(Thank you again YouTube for having the full film up for free, particular props to ACM TV’s channel)
They say this one is the ‘first Western’. A genre that would evolve into one of film history’s most prolific eras, and many say it began right here with these 12 minutes of silence (literally, there’s not even a musical accompaniment), directed by Edwin S. Porter.
It’s interesting watching this one in this day and age, where the market can barely move for relentless action extravaganzas and sprawling adventure stories on the silver screen, and yet ‘The Great Train Robbery’ has an undeniable staying power. It’s immediately apparent why this work has stood the test of time and makes it onto all these lists of ‘however many films you have to see in your lifetime’. Again, the premise is simplistic; a gang of robbers enact a plan to rob a steam train, and whilst their heist is pulled off successfully it isn’t long before swift and merciless justice is exacted upon them. It’s the definitively old-school bad guys vs. good guys, offering shootouts, hostage-taking, horseback chase sequences, in essence creating a recipe of quintessential ingredients for what was to come throughout subsequent decades of the genre.
How it must have felt to be in the crowd in 1903 when The Edison Company first unveiled this project, being among the first in history to experience this kind of visual drama and suspense, gasping with horror at the gunning down of innocents by the nefarious robbers, cheering on the posse of citizens as they chase down the bandits and applauding as the criminals are defeated in a climactic shootout. As much as the genre and cinema in general may have gone on to bigger and better things, and since provided evermore-spectacular storytelling experiences, there remains a certain thrill at seeing the seed of what was to come being planted. And let’s not forget that iconic closing shot, arguably one of the first fourth-wall breaks in film history as Justus D. Barnes, in the role of the bandit leader, glowers directly at the camera and proceeds to fire his six-shooter revolver at the viewer. That’s a conceptual ancestor to 3D right there, the idea of a film not just as a performance piece but also as an immersive experience for audiences, however momentary (some historians even credit it as inspiring the iconic gun-barrel opening of the James Bond franchise). Small wonder then that the film went on to enjoy runaway success, and is also considered now one of the first ever ‘blockbusters’.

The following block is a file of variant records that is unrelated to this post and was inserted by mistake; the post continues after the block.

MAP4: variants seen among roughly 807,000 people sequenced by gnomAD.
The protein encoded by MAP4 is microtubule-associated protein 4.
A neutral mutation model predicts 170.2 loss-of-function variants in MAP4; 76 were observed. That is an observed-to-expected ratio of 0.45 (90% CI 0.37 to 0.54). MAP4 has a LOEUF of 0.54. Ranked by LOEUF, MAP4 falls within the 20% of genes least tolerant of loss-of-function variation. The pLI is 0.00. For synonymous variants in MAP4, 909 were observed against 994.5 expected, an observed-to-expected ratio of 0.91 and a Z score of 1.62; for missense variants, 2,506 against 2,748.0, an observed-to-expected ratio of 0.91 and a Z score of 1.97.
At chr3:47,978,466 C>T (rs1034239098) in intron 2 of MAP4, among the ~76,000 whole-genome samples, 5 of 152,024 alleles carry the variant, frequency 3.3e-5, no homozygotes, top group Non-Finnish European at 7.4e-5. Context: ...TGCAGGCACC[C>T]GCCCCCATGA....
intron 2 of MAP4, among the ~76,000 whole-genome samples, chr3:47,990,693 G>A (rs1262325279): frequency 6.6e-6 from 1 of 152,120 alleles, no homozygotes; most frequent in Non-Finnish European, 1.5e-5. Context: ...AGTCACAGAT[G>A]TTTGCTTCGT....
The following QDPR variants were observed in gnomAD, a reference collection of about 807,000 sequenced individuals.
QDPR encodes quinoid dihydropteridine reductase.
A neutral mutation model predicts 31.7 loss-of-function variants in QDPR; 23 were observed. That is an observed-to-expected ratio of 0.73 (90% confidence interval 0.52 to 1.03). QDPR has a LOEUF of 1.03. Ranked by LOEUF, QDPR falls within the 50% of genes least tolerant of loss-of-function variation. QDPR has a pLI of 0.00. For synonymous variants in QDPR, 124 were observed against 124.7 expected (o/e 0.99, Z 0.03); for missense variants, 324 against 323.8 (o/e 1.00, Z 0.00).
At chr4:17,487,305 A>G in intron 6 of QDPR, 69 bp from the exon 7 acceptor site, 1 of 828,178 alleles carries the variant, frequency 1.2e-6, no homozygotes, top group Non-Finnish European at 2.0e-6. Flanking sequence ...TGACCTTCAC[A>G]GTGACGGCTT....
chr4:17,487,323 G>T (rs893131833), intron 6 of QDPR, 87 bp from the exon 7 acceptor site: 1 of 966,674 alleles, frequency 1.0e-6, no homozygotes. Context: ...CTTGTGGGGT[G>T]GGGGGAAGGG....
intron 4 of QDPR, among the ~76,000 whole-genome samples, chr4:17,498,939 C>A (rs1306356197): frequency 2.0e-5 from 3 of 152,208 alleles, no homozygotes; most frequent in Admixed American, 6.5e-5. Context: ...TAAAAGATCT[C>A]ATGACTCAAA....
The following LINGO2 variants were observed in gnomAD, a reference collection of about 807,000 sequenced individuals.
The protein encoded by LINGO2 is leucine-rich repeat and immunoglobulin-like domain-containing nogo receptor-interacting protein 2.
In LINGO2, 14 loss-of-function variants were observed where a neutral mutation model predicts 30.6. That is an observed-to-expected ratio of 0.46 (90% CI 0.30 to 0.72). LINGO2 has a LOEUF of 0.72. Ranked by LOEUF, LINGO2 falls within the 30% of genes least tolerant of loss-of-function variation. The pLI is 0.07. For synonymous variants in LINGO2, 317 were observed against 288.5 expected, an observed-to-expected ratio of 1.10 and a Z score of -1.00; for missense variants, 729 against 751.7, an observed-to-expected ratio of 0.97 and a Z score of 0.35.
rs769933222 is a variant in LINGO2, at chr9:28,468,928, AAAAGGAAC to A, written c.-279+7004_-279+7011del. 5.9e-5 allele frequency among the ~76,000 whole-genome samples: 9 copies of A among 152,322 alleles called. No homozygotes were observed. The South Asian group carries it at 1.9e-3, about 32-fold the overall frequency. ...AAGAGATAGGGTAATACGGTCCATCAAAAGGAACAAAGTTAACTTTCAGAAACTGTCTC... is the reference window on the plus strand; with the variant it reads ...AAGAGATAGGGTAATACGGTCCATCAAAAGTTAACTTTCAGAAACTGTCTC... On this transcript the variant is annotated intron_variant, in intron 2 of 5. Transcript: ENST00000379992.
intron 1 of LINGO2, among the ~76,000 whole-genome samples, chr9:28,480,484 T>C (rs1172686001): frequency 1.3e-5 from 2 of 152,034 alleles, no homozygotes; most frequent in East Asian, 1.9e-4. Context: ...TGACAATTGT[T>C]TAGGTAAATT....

They say as one door closes, another must open, and whilst the American Frontier may have begun to wane in these times, films like ‘The Great Train Robbery’ proved that an entirely new and different frontier was only just opening and waiting to be explored.
Quality Score – 4/5
Entertainment Score – 4/5
Final Score – 4/5